The “retail apocalypse” has become a blanket phrase for the industry’s woes, which so far have resulted in more than 50 bankruptcies and 21,000 store closures since 2017.

Now some analysts are warning of a “retail vortex.”

A mix of thinning profits, soaring returns and ever-growing markdowns puts already-struggling retailers at risk of further decline this holiday season, according to DynamicAction, a retail software firm that analyzed more than $11.6 billion in online transactions from January to September.

The company defines retail vortex as a post-holiday period of deepening discounts and thinning profits, as retailers try to unload piles of unsold inventory to a diminishing pool of customers. As a result, retailers end up absorbing higher costs related to marketing, logistics and returns, eroding already-shrinking profits. Last year, for example, holiday returns rose 26 percent in the three weeks after Christmas from the year before, according to DynamicAction, a number that is expected to rise this year.

“It’s a tough environment, and it’s getting tougher every year,” said John Squire, chief executive of the California-based firm. “Any decline in profitability has an overwhelming effect on retailers that are already struggling to hit their bottom-line numbers.”

There are already signs that this holiday season could be a challenging one for retailers, as political and economic uncertainty continue to wear down shoppers. U.S. consumers unexpectedly pulled back on retail spending in September for the first time in seven months, and the National Retail Federation has warned that economic upheaval, new tariffs and fluctuations in the stock market could negatively affect consumers’ shopping plans in the coming months. For now, it is predicting a 4 percent increase in holiday spending.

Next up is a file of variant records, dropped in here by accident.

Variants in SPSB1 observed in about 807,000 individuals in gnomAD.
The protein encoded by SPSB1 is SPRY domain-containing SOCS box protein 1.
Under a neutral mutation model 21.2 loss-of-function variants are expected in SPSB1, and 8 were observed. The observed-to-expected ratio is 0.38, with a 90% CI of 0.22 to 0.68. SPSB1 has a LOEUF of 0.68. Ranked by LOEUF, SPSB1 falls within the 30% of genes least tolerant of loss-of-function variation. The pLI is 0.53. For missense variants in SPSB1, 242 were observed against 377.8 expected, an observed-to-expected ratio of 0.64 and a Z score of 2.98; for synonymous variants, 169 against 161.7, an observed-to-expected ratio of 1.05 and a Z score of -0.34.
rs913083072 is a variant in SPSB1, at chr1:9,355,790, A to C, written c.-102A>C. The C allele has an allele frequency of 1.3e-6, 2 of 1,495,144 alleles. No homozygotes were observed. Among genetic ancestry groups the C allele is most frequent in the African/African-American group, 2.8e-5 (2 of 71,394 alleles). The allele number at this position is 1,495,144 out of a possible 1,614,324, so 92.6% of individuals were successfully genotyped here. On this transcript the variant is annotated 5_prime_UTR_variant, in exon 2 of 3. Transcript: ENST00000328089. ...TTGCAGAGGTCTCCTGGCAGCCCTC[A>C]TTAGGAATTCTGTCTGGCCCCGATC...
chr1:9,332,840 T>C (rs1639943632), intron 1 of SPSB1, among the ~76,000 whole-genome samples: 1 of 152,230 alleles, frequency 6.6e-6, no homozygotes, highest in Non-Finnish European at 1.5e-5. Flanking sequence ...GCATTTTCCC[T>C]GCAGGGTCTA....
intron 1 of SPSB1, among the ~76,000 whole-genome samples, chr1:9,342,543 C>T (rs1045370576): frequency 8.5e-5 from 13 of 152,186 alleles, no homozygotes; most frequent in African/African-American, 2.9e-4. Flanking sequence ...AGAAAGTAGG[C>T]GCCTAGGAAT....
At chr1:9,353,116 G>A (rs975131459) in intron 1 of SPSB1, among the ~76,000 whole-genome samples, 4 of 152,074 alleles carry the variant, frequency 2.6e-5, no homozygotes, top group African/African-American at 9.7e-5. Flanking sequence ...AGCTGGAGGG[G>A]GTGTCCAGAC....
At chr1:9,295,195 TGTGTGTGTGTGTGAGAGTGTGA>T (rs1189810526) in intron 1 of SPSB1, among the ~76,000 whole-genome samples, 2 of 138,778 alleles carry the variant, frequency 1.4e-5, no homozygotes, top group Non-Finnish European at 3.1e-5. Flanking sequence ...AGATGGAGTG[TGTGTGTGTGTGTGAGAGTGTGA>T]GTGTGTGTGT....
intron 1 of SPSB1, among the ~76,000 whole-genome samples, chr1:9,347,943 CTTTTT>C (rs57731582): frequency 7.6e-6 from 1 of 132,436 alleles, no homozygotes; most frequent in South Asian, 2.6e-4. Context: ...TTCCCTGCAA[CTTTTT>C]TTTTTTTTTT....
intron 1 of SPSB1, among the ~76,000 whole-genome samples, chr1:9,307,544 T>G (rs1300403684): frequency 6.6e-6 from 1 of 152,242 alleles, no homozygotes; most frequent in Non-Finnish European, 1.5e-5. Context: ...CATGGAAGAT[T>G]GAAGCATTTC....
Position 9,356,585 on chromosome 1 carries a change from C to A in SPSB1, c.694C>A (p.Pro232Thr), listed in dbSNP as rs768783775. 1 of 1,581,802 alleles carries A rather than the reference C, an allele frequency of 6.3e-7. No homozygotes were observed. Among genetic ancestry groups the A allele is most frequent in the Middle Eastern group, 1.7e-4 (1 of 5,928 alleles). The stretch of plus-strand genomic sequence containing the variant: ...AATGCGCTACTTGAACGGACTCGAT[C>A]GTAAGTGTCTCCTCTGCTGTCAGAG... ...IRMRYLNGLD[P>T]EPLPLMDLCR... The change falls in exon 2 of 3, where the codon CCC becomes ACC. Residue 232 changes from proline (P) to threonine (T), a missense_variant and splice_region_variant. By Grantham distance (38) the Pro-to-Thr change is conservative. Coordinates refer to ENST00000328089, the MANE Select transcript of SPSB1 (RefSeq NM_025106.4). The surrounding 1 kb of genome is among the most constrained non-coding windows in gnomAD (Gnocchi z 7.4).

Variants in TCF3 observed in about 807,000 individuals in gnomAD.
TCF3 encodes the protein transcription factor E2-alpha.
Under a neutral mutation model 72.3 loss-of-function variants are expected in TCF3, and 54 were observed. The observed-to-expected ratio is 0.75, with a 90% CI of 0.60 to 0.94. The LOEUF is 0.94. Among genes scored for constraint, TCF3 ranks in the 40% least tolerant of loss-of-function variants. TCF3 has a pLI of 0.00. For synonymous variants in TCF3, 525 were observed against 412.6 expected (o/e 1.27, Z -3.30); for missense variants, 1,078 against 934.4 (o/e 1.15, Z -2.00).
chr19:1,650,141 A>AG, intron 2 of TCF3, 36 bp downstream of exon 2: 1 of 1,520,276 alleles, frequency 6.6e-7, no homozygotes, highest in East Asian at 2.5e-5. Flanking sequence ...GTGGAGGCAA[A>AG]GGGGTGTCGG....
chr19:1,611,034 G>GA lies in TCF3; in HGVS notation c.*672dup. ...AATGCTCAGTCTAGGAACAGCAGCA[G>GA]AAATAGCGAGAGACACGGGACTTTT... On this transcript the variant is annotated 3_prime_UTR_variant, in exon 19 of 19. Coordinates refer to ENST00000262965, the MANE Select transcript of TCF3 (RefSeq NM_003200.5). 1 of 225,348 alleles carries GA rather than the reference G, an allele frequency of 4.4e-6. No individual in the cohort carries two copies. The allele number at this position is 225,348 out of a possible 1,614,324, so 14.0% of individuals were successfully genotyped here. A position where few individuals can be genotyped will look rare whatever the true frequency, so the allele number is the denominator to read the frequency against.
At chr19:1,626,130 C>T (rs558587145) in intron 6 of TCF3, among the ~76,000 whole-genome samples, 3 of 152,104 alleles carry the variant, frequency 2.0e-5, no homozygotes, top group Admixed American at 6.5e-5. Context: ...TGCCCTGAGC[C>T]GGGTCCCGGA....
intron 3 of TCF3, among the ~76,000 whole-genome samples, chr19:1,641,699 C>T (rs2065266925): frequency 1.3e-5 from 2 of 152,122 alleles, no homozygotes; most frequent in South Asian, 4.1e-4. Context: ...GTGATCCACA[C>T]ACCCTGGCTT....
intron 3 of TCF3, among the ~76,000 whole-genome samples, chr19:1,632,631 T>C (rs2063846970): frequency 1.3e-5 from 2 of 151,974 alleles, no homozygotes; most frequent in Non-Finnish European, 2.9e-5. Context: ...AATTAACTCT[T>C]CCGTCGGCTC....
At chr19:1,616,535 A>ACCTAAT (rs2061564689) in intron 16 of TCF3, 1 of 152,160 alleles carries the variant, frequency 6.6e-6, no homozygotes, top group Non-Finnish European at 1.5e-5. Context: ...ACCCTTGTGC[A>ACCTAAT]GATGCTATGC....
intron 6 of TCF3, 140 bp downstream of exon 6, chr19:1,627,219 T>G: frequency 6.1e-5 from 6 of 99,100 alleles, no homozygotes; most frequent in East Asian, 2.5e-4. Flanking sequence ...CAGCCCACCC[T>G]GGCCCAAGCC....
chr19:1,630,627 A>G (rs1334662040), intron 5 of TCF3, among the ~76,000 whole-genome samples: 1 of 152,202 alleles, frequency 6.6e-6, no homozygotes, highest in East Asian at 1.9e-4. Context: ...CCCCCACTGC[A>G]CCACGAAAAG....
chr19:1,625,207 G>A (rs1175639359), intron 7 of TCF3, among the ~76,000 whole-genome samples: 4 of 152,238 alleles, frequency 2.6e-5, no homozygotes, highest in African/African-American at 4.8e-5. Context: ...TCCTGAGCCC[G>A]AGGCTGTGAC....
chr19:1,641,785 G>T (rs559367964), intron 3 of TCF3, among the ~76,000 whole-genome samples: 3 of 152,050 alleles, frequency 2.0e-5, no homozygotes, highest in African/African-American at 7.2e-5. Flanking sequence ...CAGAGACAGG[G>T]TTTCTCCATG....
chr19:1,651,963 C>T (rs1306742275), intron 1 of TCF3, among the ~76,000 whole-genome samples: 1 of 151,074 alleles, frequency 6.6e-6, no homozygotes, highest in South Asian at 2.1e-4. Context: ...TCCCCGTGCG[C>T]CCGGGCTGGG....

“The only option is a quick race to the bottom,” Squire said. “The constant drumbeat of discounts and promotions has only gotten louder.”

That dynamic, he said, is compounded during hypercompetitive periods like Amazon’s Prime Day sale in July. In recent years, the e-commerce giant’s competitors have upped the ante to keep up, offering more sweeping discounts and free shipping. (Jeff Bezos, the founder and chief executive of Amazon, owns The Washington Post.)

This year there was an 18 percent increase in discounts and promotions by North American retailers in the two-week period around Prime Day, compared with the same period last year, he said. The value of markdowns increased, too, by about 71 percent. For example, Squire said, an item discounted 20 percent last year would have been 35 percent off this year. The company analyzed purchases of clothing, shoes, home goods and other general merchandise but did not include groceries or Amazon purchases.

Marketing costs per order, meanwhile, jumped 16 percent, while profitability fell about 12 percent during that time. There was also a 19 percent rise in returns — a major cost for retailers — in the three weeks following the July sale.

Retailers, he said, “have had to really juice up the discounts to keep consumers interested.”

So far this year, average order value and customer profitability are down about 4 percent, compared with last year, according to DynamicAction. At the same time, the number of online transactions with free shipping has grown 8 percent.

Retailers have announced roughly 7,600 store closures so far this year — more than the 5,524 that closed in all of 2018 — according to data from Coresight Research. An additional 75,000 stores are expected to close by 2026, according to UBS.